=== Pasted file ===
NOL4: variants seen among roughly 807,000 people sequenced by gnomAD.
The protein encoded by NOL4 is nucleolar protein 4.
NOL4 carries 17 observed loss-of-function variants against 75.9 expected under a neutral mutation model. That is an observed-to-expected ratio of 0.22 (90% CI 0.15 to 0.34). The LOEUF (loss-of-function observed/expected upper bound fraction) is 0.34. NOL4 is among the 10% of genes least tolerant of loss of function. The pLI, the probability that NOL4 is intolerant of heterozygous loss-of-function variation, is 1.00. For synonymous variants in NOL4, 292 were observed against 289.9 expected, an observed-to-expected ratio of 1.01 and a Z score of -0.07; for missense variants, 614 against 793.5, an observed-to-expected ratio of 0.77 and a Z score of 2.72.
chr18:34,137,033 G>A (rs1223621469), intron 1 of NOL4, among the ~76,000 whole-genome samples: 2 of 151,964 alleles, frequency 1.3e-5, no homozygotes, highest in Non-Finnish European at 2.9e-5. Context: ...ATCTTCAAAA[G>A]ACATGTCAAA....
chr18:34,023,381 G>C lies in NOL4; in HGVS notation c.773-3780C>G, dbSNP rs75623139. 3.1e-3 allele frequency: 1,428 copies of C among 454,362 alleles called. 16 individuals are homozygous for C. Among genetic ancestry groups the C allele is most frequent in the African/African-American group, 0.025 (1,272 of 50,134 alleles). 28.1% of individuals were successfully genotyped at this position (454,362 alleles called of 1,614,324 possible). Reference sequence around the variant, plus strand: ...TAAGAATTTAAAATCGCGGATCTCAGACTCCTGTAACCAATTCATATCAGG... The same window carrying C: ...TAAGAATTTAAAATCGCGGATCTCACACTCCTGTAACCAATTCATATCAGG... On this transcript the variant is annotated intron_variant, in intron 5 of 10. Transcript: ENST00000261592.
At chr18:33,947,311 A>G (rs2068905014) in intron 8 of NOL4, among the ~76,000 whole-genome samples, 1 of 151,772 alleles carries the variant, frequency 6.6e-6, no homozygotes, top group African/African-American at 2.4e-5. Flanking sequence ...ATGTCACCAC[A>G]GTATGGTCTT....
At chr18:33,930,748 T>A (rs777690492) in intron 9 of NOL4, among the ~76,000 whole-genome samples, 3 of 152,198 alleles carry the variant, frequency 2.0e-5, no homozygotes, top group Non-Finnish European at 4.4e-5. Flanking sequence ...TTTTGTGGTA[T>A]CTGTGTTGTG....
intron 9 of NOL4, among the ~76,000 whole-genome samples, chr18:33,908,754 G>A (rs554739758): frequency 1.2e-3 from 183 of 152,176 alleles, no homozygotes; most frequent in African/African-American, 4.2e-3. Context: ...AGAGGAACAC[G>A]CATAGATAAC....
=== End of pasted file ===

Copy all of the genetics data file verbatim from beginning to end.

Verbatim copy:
NOL4: variants seen among roughly 807,000 people sequenced by gnomAD.
The protein encoded by NOL4 is nucleolar protein 4.
NOL4 carries 17 observed loss-of-function variants against 75.9 expected under a neutral mutation model. That is an observed-to-expected ratio of 0.22 (90% CI 0.15 to 0.34). The LOEUF (loss-of-function observed/expected upper bound fraction) is 0.34. NOL4 is among the 10% of genes least tolerant of loss of function. The pLI, the probability that NOL4 is intolerant of heterozygous loss-of-function variation, is 1.00. For synonymous variants in NOL4, 292 were observed against 289.9 expected, an observed-to-expected ratio of 1.01 and a Z score of -0.07; for missense variants, 614 against 793.5, an observed-to-expected ratio of 0.77 and a Z score of 2.72.
chr18:34,137,033 G>A (rs1223621469), intron 1 of NOL4, among the ~76,000 whole-genome samples: 2 of 151,964 alleles, frequency 1.3e-5, no homozygotes, highest in Non-Finnish European at 2.9e-5. Context: ...ATCTTCAAAA[G>A]ACATGTCAAA....
chr18:34,023,381 G>C lies in NOL4; in HGVS notation c.773-3780C>G, dbSNP rs75623139. 3.1e-3 allele frequency: 1,428 copies of C among 454,362 alleles called. 16 individuals are homozygous for C. Among genetic ancestry groups the C allele is most frequent in the African/African-American group, 0.025 (1,272 of 50,134 alleles). 28.1% of individuals were successfully genotyped at this position (454,362 alleles called of 1,614,324 possible). Reference sequence around the variant, plus strand: ...TAAGAATTTAAAATCGCGGATCTCAGACTCCTGTAACCAATTCATATCAGG... The same window carrying C: ...TAAGAATTTAAAATCGCGGATCTCACACTCCTGTAACCAATTCATATCAGG... On this transcript the variant is annotated intron_variant, in intron 5 of 10. Transcript: ENST00000261592.
At chr18:33,947,311 A>G (rs2068905014) in intron 8 of NOL4, among the ~76,000 whole-genome samples, 1 of 151,772 alleles carries the variant, frequency 6.6e-6, no homozygotes, top group African/African-American at 2.4e-5. Flanking sequence ...ATGTCACCAC[A>G]GTATGGTCTT....
At chr18:33,930,748 T>A (rs777690492) in intron 9 of NOL4, among the ~76,000 whole-genome samples, 3 of 152,198 alleles carry the variant, frequency 2.0e-5, no homozygotes, top group Non-Finnish European at 4.4e-5. Flanking sequence ...TTTTGTGGTA[T>A]CTGTGTTGTG....
intron 9 of NOL4, among the ~76,000 whole-genome samples, chr18:33,908,754 G>A (rs554739758): frequency 1.2e-3 from 183 of 152,176 alleles, no homozygotes; most frequent in African/African-American, 4.2e-3. Context: ...AGAGGAACAC[G>A]CATAGATAAC....